It is a fact of life that for many years the public sector has been asked to do more with less, deliver better and more timely services, provide transparency, give citizens  better access to government and improve customer service. At the same time commissioners, managers and business users within public sector agencies have been relying on the same reports they’ve been looking at for years, dealing with an IT queue that prioritizes work requests, and trying to match and make sense of multiple spreadsheets many of which are laid out differently. Business users know that if they had better access to the mounds of data available to them they could make more informed and better business decisions and they could be looking ahead not backwards. We finally have modern user-friendly data analytics tools available to do just that.  Let us tell you how. Modern Data Analytics Data Analytics tools have finally caught up with workplace demands and the public sector has figured out that data analytics can help. Agency leaders no longer need to review reports and just observe trends; they now have real-time insight into their business and can predict what is likely to occur and make decisions based on forward looking information, not on what already happened. Measurements can be put in place to quantify program effectiveness – not after the fact – but as a program or a fiscal year progresses. We can now truly measure the effectiveness of our programs, by getting answers to questions such as: Are expenditures in line with the budget or projected to exceed the budget?  If there are project over-runs what are they, what are they projected to be and where can those costs be recouped? Are we serving as many citizens as promised?  Are wait times decreasing? Do citizens have access to the information they need?  Are those most ‘at risk’ receiving the services they are entitled to? And the list goes on and on... Modern data analytics tools are built with the business users in mind. Although IT still has a role to set up the data connections, and data scientists help build the predictive models, business users can now ask their own questions and create their own ad-hoc queries. Users can now explore the data without a predetermined list of questions. As an example, a query about the cost of a particular government program per individual served could lead to the discovery of one or more clients abusing the system by receiving multiple prescriptions for drugs and then having them filled by ‘preferred pharmacies’ and selling them on the street for profit. In this example the query was cost per patient served – but when that question was answered and it was clear that one program was way out of line with the others – further discovery led to why it was so skewed.  But that was not where the questioning had started. This one example illustrates how access to data and the ability to interrogate that data is very powerful. This simple line of questioning highlights abuse, fraud and ultimately program savings. Data Analytics in Action Examples of how data analytics can impact positively your mission: Public Sector Segment Use Case Benefits Government Administration Back Office ( Finance, Human Resources, Procurement) Data analytics helps agencies identify: least cost vendor with highest rating, sick leave taken by an individual, departments that are not in normal range, areas where retirement will impact operation, types of skills that will be needed, query the data to find encumbrances, where spending at current rates will exceed budget and why. Health & Human Services Child Welfare Predictive data analytics uses all data available to identify most at-risk children, those least likely to be re-unified and the best services for each child. Health and Human Services / Departments of Revenue Fraud Detection/Prevention Fraud, waste and abuse is something all government agencies keep a watchful eye on. But the use of predictive data analytics can help agencies stay ahead of fraudsters and allow machine learning to identify schemes and the big business behind fraud. Public Works Fleet Management Data analytics can take all of the information about a vehicle, maintenance requirements, warranty dates, known issues from that or similar vehicles and times of least use so vehicle downtime has minimal impact. Transportation Airports – enhance customer experience and reduce costs Predictive data analytics helps identify terminals not in use to save on maintenance and heating/AC costs, best locations for retail, where long lines are anticipated to assign TSA staff, route expansions to maximize  airport revenue   This is merely a sample of how data analytics can help government agencies measure and enhance effectiveness by having access to insight to make better decisions. We encourage you to check out the ‘How You Can Use Data Analytics to Change Government’ guide that GovLoop has published earlier this year. It offers an in-depth view of what is data analytics and how it can help government. Conclusion Traditionally, the ‘techies’ have looked for the next silver bullet, focusing on the tool but not on the business problem. It is no longer about the tools but all about the business decision that needs to be made and the data that drives that decision. Business users do not want just a report, they want access to all of their data, they want to explore their business from every angle and gain insights. They don’t care what tool they use, they just want to be able to do it themselves without relying on IT for every question they want answered. Today the cliché of a picture is worth a thousand words could not be more relevant. Data analytics helps people understand the data by viewing it in charts, graphs, and an almost limitless set of visualizations. The focus is now on making data analytics user-friendly.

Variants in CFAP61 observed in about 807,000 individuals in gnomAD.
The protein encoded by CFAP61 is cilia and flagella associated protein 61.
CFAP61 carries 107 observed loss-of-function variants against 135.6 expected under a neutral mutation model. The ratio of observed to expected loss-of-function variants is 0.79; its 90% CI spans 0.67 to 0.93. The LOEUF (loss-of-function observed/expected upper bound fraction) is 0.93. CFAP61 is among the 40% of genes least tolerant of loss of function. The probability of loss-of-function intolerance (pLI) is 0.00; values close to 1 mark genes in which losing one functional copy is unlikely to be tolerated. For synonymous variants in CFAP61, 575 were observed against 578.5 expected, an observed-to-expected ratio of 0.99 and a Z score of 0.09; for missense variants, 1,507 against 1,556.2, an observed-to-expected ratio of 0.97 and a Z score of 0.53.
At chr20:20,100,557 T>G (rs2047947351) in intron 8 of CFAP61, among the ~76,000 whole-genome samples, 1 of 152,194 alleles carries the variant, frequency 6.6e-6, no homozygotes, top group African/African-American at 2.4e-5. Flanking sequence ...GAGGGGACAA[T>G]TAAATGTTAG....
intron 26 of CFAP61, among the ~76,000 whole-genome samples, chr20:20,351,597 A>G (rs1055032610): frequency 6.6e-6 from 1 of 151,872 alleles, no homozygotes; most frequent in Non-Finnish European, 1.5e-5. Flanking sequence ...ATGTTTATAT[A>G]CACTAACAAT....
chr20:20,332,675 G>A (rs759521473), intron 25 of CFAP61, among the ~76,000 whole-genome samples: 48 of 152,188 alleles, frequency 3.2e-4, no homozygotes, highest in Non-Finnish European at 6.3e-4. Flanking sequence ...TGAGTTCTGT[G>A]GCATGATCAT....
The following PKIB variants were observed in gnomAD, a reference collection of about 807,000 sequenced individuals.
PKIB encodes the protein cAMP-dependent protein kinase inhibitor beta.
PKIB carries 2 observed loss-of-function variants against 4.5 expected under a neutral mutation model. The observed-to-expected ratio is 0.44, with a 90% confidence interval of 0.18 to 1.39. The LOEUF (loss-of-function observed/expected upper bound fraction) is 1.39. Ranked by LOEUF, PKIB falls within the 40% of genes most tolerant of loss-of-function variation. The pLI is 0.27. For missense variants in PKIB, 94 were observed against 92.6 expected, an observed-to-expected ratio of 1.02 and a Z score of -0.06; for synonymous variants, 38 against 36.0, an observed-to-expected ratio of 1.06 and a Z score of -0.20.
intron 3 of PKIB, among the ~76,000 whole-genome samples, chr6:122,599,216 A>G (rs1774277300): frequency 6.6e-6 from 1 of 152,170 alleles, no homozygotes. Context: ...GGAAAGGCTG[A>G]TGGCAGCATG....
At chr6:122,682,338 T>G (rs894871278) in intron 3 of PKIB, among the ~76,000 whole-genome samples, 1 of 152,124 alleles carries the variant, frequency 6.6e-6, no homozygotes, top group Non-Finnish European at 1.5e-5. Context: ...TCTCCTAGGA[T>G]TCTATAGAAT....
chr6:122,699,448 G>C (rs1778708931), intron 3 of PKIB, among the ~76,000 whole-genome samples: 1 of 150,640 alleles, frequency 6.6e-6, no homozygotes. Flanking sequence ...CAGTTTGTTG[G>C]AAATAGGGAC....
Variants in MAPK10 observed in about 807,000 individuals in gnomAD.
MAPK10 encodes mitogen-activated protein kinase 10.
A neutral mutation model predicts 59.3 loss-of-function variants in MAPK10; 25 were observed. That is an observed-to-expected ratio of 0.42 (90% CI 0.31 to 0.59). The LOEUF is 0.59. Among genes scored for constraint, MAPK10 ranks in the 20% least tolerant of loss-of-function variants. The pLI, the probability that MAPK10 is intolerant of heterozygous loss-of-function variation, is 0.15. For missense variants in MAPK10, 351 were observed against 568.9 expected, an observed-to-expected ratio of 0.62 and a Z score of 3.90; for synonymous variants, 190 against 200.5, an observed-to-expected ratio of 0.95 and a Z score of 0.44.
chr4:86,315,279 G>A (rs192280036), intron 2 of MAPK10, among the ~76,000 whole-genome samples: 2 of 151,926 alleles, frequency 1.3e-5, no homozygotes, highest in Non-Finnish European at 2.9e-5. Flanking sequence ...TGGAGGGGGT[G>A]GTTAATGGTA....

It is a fact of life that for many years the public sector has been asked to do more with less, deliver better and more timely services, provide transparency, give citizens  better access to...